Josie: This summer I've been in touch with audio friends who are in a similar spot in their careers to where I am, and we've been helping give each other feedback and work tips (as well as hiring each other for some subcontracting, too!). It's been super nice to build community in that way. I was also fortunate to be paired as a mentee with Gordon McGladdery of A Shell In The Pit Audio at the beginning of this year through the Audio Mentoring Project. In addition to being super nice and inviting, Gord has helped me hone my practical skills and pushed me towards long term career planning. Working with him has been great to tackle my imposter syndrome and get a better perspective of the overall topography of the game industry.
QRM: In what ways can non-queer folk increase and support queer diversity present within games, as well as in the industry more broadly? How can we all work to support intersectional approaches to diversity, and why is this important?
Josie: I think the biggest things allies can do is to really push everything within their power towards making our shared spaces radically welcoming to queer folx of all stripes (as well as marginalized folx of all stripes in general). This includes things like visibly highlighting your own pronouns if you're cisgender, making sure your panels on feminism include and center trans and/or non-binary folx (including non-binary women) and/or women of color, stepping up for folx around you when they are misgendered or talked over or ignored, checking your language to avoid phrases like "guys", "dude", "lads", "ladies and gentleman", calling out homophobia where you see it, and actively doing the work to check in if you're afraid you might have slipped up and hurt someone. All this while also not expecting folx to double over backward to thank you if you do these things, because these are baseline expectations. We all come from different backgrounds, and it's up to us to learn how to listen, learn from, and lift up each other.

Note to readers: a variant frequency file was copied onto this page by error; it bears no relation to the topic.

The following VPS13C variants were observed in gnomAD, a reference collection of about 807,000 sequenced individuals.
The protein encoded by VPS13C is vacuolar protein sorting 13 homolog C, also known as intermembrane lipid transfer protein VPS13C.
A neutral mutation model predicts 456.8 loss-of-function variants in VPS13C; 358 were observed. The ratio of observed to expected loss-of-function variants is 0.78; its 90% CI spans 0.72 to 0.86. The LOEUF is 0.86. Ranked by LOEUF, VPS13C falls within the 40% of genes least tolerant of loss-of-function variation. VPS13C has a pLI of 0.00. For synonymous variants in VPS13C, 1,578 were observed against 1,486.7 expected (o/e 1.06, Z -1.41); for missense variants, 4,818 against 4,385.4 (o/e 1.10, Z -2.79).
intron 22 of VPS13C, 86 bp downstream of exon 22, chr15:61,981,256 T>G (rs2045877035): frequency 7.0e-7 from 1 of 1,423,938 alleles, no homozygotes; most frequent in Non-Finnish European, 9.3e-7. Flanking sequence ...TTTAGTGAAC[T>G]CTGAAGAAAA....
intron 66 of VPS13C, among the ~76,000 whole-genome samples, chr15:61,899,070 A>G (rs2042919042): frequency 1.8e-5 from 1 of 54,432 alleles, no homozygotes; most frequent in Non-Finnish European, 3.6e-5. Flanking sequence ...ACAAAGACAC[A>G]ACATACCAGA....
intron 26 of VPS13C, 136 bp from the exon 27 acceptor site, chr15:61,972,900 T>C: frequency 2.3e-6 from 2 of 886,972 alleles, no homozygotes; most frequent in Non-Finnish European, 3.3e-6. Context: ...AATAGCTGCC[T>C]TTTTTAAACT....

QRM: Is there a message that you would like to share with the queer game players, game studies researchers, and other interested folks who comprise the Queerly Represent Me community?
Josie: If you're in the closet, and have the privilege of being able to come out in ways that are safe and comfortable for you, just know that there are tons of amazing queer and non-queer folx in this industry who are doing everything they can to make games a more inclusive space to work in. And certainly, if anyone ever wanted to reach out to me to talk through their own gender exploration or what it's like to be trans and non-binary in games, my email and DMs are always open! <3